We were up by 4:00 AM this morning and checked into Seattle Children's at 6:00. (This is after I stayed up until almost midnight packing and then spent an additional hour or so trying to shut off my brain and go to sleep.)
Ryan had surgery to remove the port in his chest and replace it with a different type of central line called a Hickman. One of the main differences is that there are two access points, which is necessary because of the amount of simultaneous things that will be going in and out of his body all at once (chemo, blood draws, IV fluids, pain meds, etc.)
A second surgeon performed a procedure to remove a tiny piece of testicular tissue. Half of the sample is being sent to Children's Hospital of Philadelphia (CHOP) as part of a clinical trial to experiment with multiplying the stem cells. In primates, researchers have seen some very encourage results in restoring fertility when they have done this same process and then re-implanted the stem cells later. The other half of the sample is Ryan's to keep. It will be cryopreserved and stored in a freezer at the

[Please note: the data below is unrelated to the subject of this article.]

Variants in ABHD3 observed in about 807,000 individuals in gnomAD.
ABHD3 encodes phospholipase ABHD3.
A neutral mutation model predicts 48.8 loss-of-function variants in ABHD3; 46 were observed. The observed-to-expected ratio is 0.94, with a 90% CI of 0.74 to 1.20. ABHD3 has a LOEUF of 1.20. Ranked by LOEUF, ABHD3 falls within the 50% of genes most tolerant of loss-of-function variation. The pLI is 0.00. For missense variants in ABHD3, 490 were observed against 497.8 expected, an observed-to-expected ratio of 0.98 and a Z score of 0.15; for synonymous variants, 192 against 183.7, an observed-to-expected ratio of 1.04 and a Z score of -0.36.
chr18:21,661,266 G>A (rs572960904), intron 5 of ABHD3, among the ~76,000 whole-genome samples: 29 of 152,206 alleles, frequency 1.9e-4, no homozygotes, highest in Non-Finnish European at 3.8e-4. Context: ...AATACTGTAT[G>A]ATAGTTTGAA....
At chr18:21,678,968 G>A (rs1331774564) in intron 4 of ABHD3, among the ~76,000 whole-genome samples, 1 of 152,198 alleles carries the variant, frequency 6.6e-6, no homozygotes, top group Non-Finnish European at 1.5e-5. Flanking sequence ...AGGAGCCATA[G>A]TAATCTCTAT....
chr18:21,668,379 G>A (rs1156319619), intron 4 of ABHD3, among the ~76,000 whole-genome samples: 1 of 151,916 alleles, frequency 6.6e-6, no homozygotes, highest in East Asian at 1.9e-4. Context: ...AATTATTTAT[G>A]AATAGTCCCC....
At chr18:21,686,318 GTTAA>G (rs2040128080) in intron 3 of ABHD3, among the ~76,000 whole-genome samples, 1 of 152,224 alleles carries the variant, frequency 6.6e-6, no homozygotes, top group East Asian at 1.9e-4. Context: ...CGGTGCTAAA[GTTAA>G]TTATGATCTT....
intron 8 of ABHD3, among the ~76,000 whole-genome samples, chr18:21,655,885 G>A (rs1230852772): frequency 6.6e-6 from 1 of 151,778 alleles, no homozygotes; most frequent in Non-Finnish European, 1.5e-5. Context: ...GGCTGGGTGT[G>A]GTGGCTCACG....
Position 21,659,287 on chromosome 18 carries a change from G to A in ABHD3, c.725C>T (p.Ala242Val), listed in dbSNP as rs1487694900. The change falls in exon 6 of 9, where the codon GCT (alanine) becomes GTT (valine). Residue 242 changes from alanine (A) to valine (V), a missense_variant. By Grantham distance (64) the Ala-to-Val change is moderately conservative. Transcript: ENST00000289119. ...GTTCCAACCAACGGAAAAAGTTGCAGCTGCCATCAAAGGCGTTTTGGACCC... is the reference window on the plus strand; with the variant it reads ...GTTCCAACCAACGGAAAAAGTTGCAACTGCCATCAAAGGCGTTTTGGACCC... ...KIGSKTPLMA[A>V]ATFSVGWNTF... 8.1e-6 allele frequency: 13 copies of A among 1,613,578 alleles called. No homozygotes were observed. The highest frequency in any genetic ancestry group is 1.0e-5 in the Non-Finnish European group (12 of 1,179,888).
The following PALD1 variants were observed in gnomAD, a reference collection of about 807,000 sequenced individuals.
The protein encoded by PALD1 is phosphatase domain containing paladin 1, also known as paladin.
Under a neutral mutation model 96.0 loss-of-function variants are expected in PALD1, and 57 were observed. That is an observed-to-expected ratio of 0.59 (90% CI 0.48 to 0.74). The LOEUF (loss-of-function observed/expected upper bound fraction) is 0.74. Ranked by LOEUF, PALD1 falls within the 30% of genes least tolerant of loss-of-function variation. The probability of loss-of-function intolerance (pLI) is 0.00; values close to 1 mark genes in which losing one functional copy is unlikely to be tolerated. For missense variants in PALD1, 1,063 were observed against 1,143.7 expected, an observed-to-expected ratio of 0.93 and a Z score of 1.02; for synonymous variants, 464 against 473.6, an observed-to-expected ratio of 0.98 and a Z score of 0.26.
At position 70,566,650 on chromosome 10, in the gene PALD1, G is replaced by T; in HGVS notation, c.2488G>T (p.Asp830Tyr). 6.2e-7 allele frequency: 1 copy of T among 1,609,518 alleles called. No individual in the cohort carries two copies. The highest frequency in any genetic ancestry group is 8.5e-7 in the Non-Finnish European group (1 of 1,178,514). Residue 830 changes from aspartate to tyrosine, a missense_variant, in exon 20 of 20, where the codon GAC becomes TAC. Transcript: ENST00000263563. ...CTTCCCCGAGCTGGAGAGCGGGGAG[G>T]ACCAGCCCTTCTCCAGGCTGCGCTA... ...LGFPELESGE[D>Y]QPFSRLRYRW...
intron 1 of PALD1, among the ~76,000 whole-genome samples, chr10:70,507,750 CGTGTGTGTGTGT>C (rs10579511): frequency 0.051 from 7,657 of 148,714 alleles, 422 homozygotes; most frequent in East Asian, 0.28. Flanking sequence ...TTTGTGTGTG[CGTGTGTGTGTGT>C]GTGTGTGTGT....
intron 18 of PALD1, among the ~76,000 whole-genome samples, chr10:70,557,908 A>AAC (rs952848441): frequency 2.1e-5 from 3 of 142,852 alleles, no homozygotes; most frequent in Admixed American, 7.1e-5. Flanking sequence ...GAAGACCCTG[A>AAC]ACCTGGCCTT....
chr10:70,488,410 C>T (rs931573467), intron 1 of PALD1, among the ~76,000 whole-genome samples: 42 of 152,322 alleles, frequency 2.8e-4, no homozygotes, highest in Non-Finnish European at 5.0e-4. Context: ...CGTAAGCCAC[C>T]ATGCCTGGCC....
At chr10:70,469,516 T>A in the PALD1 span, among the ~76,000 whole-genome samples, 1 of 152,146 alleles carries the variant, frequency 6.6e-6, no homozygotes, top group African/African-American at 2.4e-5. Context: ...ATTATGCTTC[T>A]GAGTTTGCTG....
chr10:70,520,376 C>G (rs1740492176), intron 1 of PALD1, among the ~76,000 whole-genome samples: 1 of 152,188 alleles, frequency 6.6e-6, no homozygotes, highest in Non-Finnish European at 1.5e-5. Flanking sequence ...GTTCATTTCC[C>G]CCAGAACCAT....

for his future use, if he
desires (or even needs it; there is no way to know whether the chemo will
affect his fertility, but it is a risk.) By the time he is an adult, the hope
is that the research will have progressed to successful re-implantation in
humans, resulting in live births. University of Washington
I managed to squeeze in a fair amount of work during Ryan's surgery and again later in the afternoon. I am trying to average working at least half of the time so that I don't burn through my PTO so fast. Some days I get in a half day, sometimes I am able to work a full day, and then other days I have to take a day of PTO. It's a challenge, but I am trying really hard to juggle everything and make it all work. I am really thankful for the support of my boss and co-workers in being understanding and flexible. Hopefully by this time next year, things will be mostly back to normal.
Tomorrow, chemo starts to destroy what remains of Ryan's bone marrow. Once chemo starts, there is no going back. I was forewarned today that the team will be showing up in blue hazmat suits in the morning.